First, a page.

Home Airports London’s Been Approved To Get Its SEVENTH International Airport

London’s Been Approved To Get Its SEVENTH International Airport

by SharonKurheg

If you live in or near a large- or even medium-sized city in the U.S., chances are good you have a decent-sized airport near you. If you’re lucky, there may two airports that are a reasonable drive from home. Heck, if you live in the New York metropolitan area (population 23 million), you even have a choice of THREE nearby airports.

Meanwhile, if you look at the other side of the pond, London, England has SIX airports. How and why that happened is pretty interesting (click here to learn more about it). You’d think that six airports would be enough for a city with a population of about 9 million, right? Apparently not, because the country’s capital city has just been approved for airport #7.

Manston Airport, located on the Isle of Thanet in Kent, was a small, single-runway airport during its active years from the time of World War I until the year 2014. It was a Royal Air Force base during World War 2, but is now closed and being used as a space to park trucks.

The current owner of the property, RiverOak Strategic Partners (RSP), has been trying to get approval for the redevelopment of the airport, to once again be used as same, for the past 5 years. They just got approval.

Their goal is for the new airport to handle cargo, which will decrease the cargo load on the other 6 airports in the area. However, RSP director Tony Freudmann, told local outlet KentOnline that while it will primarily operate as a freight airport, talks are also underway with airlines (specifically KLM, Ryanair and EasyJet), regarding the possibility of also operating passenger flights.

“Looking at the way the passenger market is going, we are confident we can persuade one or more low-cost carriers to base their planes here,” said Freudmann.

RSP plans to invest up to £500 million ($588 million) into the airport, including ensuring it’s “net zero carbon from scratch.”

Surveys, planning and design work will be the next steps, followed by construction later next year. The first cargo planes are planned to take off in early 2025.

Feature Photo: Pixabay

Want to comment on this post? Great! Read this first to help ensure it gets approved.
Want to sponsor a post, write something for Your Mileage May Vary, or put ads on our site? Click here for more info.

Like this post? Please share it! We have plenty more just like it and would love it if you decided to hang around and sign up to get emailed notifications of when we post.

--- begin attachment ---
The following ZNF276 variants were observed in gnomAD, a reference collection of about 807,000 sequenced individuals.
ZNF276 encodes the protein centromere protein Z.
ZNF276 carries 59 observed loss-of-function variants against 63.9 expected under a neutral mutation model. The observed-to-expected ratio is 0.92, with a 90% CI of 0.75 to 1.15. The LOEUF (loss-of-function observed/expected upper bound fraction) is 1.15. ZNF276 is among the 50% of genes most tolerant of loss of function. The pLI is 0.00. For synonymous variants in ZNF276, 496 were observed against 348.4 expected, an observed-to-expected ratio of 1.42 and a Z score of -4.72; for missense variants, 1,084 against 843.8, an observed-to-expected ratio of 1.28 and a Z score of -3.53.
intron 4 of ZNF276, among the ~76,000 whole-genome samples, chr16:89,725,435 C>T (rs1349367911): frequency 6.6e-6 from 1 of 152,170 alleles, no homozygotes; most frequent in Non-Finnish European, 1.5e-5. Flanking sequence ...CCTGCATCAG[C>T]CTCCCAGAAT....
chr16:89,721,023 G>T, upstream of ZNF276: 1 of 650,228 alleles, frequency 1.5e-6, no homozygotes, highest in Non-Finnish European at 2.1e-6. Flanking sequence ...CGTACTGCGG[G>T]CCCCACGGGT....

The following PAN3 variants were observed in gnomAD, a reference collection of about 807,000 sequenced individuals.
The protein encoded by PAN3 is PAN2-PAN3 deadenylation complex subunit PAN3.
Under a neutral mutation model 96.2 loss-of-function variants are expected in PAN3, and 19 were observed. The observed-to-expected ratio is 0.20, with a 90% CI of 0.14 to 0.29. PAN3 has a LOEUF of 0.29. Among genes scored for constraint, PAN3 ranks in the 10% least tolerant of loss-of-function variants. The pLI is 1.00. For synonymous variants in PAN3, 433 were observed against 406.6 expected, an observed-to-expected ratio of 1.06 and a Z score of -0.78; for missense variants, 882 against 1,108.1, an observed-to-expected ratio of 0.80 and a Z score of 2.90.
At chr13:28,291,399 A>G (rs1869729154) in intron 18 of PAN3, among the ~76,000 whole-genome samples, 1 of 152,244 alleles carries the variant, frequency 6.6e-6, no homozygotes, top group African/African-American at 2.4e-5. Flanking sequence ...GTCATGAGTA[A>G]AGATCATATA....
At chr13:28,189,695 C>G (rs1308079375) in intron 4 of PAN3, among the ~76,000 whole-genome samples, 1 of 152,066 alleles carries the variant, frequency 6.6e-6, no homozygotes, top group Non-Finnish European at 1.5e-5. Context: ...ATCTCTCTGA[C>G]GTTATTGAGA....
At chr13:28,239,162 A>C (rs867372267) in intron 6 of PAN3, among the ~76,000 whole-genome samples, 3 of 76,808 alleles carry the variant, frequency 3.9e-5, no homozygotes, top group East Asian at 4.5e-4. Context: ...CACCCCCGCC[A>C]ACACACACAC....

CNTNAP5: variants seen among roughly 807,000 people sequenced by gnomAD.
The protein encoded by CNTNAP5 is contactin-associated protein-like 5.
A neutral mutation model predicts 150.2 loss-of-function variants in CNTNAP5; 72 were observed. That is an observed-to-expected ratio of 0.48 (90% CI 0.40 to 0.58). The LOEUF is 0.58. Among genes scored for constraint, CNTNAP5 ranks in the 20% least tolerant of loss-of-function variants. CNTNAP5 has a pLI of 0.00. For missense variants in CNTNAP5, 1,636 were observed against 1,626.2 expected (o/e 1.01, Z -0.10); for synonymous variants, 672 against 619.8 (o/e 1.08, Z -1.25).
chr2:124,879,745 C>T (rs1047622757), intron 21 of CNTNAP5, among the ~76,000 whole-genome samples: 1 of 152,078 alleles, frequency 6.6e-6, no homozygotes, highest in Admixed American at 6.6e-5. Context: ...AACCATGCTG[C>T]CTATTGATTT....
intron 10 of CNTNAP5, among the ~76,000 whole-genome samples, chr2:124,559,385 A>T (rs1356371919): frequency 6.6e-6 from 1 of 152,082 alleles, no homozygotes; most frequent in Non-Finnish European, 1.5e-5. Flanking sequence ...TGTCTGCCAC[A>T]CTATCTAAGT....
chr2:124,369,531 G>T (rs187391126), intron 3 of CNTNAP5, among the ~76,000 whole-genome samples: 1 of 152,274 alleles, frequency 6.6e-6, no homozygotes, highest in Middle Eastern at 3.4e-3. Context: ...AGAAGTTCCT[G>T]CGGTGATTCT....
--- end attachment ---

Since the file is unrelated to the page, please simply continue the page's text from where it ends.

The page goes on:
Whether you’ve read our articles before or this is the first time you’re stopping by, we’re really glad you’re here and hope you come back to visit again!

This post first appeared on Your Mileage May Vary

3 comments

NB September 2, 2022 - 1:51 pm

Most of these airports are a long way out of London and only easily accessible to those living on that side of town. Living in West London, I really only have a choice of three airports and that applies to pretty well everyone wherever they live. Plus you must remember that nearly half the population of England live in the South East, so these airports serve them also.

Reply
derek September 2, 2022 - 2:48 pm

What are the 6 London airports? Heathrow, London City, Gatwick, Stansted, Luton, and Southend? NYC has more than 3. I count 6. JFK, LaGuardia, Newark, Westchester County, Stewart/Newburgh, and Islip. Then there’s Teterboro, which is a busy airport for business jets. The NYC area used to have Republic on Long Island but that lost airline service in the 1990’s even though the airport is still there. I drove by just to see it once but was in a hurry that I didn’t stop and only saw it by the highway.

Reply
lrdxgm September 3, 2022 - 12:59 am

This airport is around 80 miles / 125 km away from London City. If you count this a “London airport”, you should also count all of SFO, OAK, SJC, STS, SFM, SCK, and MRY to San Francisco / Oakland / San Jose, so boom, we already have 7 airports…

Reply

Leave a Reply

%d bloggers like this: